Well, I think there are some themes that are changing, particularly in the Gulf, but the Middle East more broadly. I think the first obvious theme is that US influence and interest is waning. Now the US is energy independent. Indeed, I was reading this morning is actually an energy exporter, and not least, oddly to China. The fact of the matter is that the US has less interest in it. Of course, ever since the invasion of Iraq and since the awakening, US influence has also declined. The US' reliability as a security partner is also being questioned slightly. You'll recall the Iranian attack on the Aramco facility in 2019 in Saudi Arabia, the US response was negligible and that begged questions from Saudi Arabia. And then of course, the withdrawal from Afghanistan in 2021 again begged a lot of questions about the reliability of the US as an ally. So I think US interest and influence is waning and I think it's being backfilled by other great powers, not least China, who've got significant energy and economic interests in the Gulf and the Middle East more broadly. So I think that's an interesting theme. I then think there's a significant theme of the requirement of these very rich states to diversify economically. They're doing that because of course they've got significant youth unemployment and they need to offer education opportunity in order for their populations to be happy. Whilst the next 5 to 10 years are likely to be profitable from a fossil fuel perspective if you're Saudi Arabia or Qatar or even the Emirates, the reality is that that is on the decline. I guess from 2030 onwards, people are now thinking about the need to be in a different place economically than just supplying those sorts of energy requirements. So if you want to have economic diversification, you also need stability and I think that's the third of this theme we're seeing in the Middle East and the Gulf at the moment. We've seen the Abraham Accords, which is the agreement between Israel and Arab states, particularly Bahrain, the Emirates and Morocco. And maybe Saudi Arabia will become a signatory of the accords as well in the next year or two. That's very good economically, but it's also good in terms of stability. We're seeing Syria readmitted to the Arab League this year, and of course, we've seen this rapprochement between Saudi Arabia and Iran brokered by China, allegedly. And that is a very interesting move. I think it shows a much more assertive foreign policy, particularly from Mohammed bin Salman, Saudi Arabia. I think what you're also seeing on the back of this detente is you're seeing more assertive foreign policy from these countries. I think increasingly, Saudi Arabia is claiming to lead much of the Arab world, which is not a position it would have been in 30 years ago when it was obvious that Egypt or even Iraq were the leaders of the Arab world. So I think there are some very interesting things happening. When you put on top of all of that the fear that perhaps Iran is getting very close to a nuclear weapon and maybe only a couple of weeks away from breakout to achieve a nuclear weapon, and when you consider that Israel is wrestling with challenging domestic politics and has got a much more right-wing government than we've ever seen before, how those two factors play into this and whether Israel would be content to see Iran get that close to a bomb, there are lots of wildcards that can play into this. Not least, what's another term of President Erdogan going to look like in the eastern Mediterranean? He definitely has foreign policy ambitions that perhaps chime a little with where the Ottoman Empire once was.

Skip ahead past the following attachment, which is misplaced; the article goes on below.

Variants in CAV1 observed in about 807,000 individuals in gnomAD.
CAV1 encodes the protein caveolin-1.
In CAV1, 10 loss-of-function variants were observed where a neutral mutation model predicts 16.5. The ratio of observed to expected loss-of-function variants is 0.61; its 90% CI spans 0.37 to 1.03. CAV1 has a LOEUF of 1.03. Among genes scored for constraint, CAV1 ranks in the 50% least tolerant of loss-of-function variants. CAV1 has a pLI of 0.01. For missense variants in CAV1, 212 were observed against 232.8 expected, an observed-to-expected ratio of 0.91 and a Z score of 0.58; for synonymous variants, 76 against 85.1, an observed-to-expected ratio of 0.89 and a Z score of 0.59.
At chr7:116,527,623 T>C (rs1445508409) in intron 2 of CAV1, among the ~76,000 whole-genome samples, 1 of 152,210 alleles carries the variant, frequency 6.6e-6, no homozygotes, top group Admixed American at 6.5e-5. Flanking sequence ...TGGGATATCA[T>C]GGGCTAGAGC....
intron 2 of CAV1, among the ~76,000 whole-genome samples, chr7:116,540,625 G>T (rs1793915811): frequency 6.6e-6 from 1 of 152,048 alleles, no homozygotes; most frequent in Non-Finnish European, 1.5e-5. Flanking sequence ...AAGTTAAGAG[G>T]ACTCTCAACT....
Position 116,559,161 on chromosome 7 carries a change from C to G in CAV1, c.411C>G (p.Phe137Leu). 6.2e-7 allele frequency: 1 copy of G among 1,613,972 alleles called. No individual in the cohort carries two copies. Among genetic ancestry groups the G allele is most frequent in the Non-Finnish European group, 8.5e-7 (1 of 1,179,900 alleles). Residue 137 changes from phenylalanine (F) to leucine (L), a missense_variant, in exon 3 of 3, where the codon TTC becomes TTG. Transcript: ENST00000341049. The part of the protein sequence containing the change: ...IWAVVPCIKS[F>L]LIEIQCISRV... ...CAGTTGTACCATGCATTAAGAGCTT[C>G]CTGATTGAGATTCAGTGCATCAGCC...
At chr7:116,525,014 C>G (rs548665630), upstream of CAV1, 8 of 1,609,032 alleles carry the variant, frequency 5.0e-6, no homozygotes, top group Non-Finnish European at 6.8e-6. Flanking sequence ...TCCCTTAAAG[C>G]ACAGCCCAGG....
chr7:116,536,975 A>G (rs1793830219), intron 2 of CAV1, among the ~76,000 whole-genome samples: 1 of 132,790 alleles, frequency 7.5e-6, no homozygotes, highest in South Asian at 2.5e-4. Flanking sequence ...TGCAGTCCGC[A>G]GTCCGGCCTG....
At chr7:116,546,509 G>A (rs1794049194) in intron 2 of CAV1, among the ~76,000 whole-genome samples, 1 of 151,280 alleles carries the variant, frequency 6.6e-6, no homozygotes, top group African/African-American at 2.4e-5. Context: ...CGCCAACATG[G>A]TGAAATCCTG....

Simon Brewer

Yes. Well, we'd be remiss not to comment on one investment implication, which is with 85% of the world's energy being supplied by fossil fuels and clarion calls for all the green emerging technologies to replace it, the lack of perhaps realism, but the under-investment by the oil majors has, I would certainly observe, created the possibility for significantly higher energy prices when we get through this slowdown. So the investment implications of all of what you're talking about are going to be profound. We're lucky enough that in a couple of weeks' time, I'm giving up my chair for July to Jen Prosek a previous guest. She's going to interview Mike Pompeo, which could be great fun. Would you have a question for Mr. Pompeo?

Nick Carter  

Yes, I'd like to understand what he thinks the US should be doing in foreign security policy terms these days, particularly in relation to China, but also in relation to the impact of China globally.

Simon Brewer  

Okay, we will put that on the agenda. So Nick, thank you for coming this Monday morning and breaking your day to give us this update. It's really terrific for all of us. And I think our listeners, we are now in 110 countries and reaching I think close to a million people a year now through audio and video. So there'll be a lot of people who listen to you. It was very interesting when we interviewed your friend General Petraeus, suddenly on the map of where our listeners were, two popped up in Iran. So there you go. The power of the podcast. Anyway, Nick, I'm going to let you go. Thank you so much for being here today.

Nick Carter  

No, thanks, Simon. It's been fun as ever.

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General Sir Nick Carter, former Chief of the Defence Staff returns for a short discussion on the Ukraine War.

We listen to him address the current situation from a military perspective, political interpretations, and further strategic insights. 

He then also discusses his predictions for how the war may end, and the impact recent events could have on Putin’s waning support and reputation.

Finally, General Carter offers us a concise assessment of the US-China relations, as well as the rapid re-ordering of Middle Eastern politics.